WEST CHESTER, Ohio — West Chester Hospital must continue to treat a Covid-19 patient with Ivermectin -- at least for now.
Closing statements for a hearing on the matter wrapped up on Friday.
Butler County Common Pleas Judge Michael Oster is now considering arguments from both sides before making a decision. Under an August 23 order from Judge Gregory Howard, West Chester Hospital must give Jeffrey Smith, who is on a ventilator, Ivermectin through at least Monday.
Oster did amend Howard's order on Friday, allowing physicians at West Chester Hospital to stop giving Smith the drug if a life-threatening side effect occurs.
On Thursday, Julie Smith, the wife of Jeffrey Smith, testified why she wanted her husband to receive the controversial treatment for COVID.
"It gave me hope that there was something we could try," she said. "I didn't want to just sit there and let him die."
West Chester Hospital officials, though, argued they should not be forced to treat Smith's husband with the medication.
"The plaintiff is not entitled to receive off-label medical treatment from a healthcare provider of her choosing. Nor is West Chester Hospital obligated to provide a highly controversial medication that is discouraged by the FDA, CDC, AMA, and every credentialed, board-certified, treating physician at the hospital," said Charles Galvin, counsel for West Chester Hospital.
Ivermectin is an FDA-approved drug approved to treat infections caused by parasites. It is also commonly used as a live-stock de-wormer. It is not FDA-approved to treat COVID-19.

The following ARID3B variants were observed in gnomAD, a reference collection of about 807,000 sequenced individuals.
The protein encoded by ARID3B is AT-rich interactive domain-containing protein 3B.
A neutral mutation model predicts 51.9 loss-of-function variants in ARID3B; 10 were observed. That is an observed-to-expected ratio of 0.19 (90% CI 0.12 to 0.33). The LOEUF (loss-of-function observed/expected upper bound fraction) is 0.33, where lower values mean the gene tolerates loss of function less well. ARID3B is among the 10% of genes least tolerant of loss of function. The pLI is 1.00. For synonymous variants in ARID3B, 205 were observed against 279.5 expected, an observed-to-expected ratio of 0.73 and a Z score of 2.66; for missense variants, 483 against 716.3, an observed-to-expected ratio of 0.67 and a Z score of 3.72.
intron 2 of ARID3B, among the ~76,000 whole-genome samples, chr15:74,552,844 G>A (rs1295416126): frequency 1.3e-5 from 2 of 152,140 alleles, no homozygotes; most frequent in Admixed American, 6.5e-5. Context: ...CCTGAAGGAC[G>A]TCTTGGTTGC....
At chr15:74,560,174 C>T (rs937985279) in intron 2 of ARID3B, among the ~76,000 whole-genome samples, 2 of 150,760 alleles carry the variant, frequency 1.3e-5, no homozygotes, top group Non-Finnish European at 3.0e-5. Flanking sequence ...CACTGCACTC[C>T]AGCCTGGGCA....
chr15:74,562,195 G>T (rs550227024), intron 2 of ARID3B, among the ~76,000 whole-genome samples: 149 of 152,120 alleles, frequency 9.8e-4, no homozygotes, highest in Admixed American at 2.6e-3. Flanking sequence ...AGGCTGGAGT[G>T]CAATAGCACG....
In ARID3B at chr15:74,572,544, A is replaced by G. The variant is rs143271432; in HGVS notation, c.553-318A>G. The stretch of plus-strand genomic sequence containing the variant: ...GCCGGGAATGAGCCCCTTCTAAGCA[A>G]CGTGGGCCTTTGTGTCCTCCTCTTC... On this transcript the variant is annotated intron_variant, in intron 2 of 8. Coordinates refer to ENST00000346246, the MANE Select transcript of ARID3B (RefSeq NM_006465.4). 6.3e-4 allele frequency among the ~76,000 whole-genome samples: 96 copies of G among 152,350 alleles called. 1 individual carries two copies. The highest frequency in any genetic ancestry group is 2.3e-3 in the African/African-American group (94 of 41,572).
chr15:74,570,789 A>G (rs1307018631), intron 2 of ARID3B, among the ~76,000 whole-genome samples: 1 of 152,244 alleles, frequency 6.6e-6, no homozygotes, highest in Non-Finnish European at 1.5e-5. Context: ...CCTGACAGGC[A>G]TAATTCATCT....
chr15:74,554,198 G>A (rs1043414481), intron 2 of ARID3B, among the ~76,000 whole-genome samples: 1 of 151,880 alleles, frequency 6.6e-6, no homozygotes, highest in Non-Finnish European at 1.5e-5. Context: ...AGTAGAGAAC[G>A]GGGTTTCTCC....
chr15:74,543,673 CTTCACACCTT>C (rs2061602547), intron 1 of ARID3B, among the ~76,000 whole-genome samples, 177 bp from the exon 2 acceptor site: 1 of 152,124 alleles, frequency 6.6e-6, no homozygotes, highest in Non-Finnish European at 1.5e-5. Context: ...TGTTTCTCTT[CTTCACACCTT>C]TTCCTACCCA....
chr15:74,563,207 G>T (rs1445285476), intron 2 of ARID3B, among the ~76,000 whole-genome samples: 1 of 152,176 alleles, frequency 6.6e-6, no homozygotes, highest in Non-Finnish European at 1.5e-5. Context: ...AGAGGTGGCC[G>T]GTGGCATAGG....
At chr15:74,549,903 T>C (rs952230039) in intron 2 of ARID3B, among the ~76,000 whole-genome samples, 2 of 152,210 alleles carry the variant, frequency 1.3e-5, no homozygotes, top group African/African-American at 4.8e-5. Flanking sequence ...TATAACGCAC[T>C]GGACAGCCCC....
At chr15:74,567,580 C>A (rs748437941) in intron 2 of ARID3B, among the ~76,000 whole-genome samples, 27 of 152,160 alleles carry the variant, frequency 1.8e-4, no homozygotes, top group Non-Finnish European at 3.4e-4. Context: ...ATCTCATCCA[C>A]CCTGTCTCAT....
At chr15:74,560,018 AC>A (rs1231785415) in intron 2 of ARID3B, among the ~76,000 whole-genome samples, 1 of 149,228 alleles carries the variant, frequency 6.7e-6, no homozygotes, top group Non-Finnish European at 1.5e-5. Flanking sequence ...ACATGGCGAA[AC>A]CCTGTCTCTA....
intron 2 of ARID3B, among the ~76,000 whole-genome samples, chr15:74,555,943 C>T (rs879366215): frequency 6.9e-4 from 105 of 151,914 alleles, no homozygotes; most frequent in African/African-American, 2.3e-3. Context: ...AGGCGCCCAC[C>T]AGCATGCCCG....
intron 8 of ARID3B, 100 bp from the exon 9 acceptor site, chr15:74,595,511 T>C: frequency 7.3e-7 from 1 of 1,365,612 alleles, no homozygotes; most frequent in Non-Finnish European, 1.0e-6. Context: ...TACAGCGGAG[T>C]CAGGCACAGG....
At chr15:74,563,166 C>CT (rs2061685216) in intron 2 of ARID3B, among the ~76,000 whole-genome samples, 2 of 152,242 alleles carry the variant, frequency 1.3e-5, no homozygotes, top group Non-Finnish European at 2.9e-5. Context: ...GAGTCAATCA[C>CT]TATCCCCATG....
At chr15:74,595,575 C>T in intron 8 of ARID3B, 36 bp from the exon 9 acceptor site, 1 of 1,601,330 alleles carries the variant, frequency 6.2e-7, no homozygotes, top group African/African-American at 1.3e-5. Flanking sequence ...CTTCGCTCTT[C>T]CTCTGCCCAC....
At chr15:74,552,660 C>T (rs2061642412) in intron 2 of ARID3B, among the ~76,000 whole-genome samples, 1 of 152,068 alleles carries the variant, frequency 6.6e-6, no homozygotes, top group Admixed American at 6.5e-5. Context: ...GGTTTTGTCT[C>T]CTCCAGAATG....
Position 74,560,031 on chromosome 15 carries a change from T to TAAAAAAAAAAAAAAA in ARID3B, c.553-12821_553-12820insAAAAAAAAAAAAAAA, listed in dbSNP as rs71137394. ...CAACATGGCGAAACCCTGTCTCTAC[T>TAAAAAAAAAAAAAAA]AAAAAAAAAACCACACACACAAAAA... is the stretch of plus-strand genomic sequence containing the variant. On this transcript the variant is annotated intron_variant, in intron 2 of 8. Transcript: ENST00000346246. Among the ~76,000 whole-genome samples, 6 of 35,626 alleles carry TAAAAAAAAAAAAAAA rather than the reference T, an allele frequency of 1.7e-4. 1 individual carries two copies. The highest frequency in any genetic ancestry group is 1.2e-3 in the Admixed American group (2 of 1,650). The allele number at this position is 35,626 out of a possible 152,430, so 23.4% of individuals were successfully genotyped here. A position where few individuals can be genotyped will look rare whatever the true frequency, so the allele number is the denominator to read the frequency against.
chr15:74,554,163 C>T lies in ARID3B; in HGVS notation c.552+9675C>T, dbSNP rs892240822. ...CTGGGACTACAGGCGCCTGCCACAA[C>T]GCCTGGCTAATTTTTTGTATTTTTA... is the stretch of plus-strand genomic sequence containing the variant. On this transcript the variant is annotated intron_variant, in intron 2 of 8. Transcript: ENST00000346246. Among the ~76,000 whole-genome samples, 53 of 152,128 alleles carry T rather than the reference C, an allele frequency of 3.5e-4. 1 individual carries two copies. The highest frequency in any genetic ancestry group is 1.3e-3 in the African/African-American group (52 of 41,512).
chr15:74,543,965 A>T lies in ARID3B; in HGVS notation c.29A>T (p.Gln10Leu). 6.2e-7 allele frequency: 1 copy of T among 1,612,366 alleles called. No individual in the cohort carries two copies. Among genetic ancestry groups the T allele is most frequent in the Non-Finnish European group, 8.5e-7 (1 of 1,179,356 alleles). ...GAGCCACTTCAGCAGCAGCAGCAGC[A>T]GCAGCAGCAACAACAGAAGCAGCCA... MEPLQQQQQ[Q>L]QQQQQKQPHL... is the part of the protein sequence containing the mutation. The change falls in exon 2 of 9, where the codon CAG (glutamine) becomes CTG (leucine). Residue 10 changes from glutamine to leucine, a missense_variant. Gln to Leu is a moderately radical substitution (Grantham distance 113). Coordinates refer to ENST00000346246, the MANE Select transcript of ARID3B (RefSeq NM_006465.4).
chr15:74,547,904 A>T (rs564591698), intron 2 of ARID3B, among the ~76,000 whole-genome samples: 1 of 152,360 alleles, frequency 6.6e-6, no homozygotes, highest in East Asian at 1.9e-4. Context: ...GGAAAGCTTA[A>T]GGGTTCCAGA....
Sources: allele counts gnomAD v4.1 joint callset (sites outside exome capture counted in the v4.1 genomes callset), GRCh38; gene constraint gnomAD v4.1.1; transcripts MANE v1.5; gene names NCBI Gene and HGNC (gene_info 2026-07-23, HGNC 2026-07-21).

"Absolutely, positively you shouldn't take horse medication," said Ralph Lorigo, counsel for Smith in his counter-argument made before Judge Oster. "No one advocates that you go to Tractor Supply and get your Ivermectin; no one advocates that on my side. What they advocate is that you seek out a doctor that understands the situation. What we advocate is that there is a reasonable alternative."
Dr. Fred Wagshul prescribed the drug for Jeffrey Smith. Wagshul has practiced medicine for decades but does not work for West Chester Hospital. He is also is not board-certified.
Galvin argued that forcing the hospital to follow Wagshul's order does not serve the public good.
"It is not served by awarding extraordinary relief on the basis of a prescription filled out by a doctor that did not examine the patient, (and) admitted to knowing next to nothing about the patient's medical history before the prescription was filed," he said.
Galvin cited potential adverse side effects of the drug.
Smith's wife said her husband has improved since taking the drug, and her attorney said Smith deserved the right to try.
"Mr. Smith is dying," Lorigo said. "There is an alternative. An alternative that has been proven to help. And it's an alternative that the hospital doesn't want to look at because of their own policy."
Judge Oster's ruling could happen Friday night, over the weekend or into next week.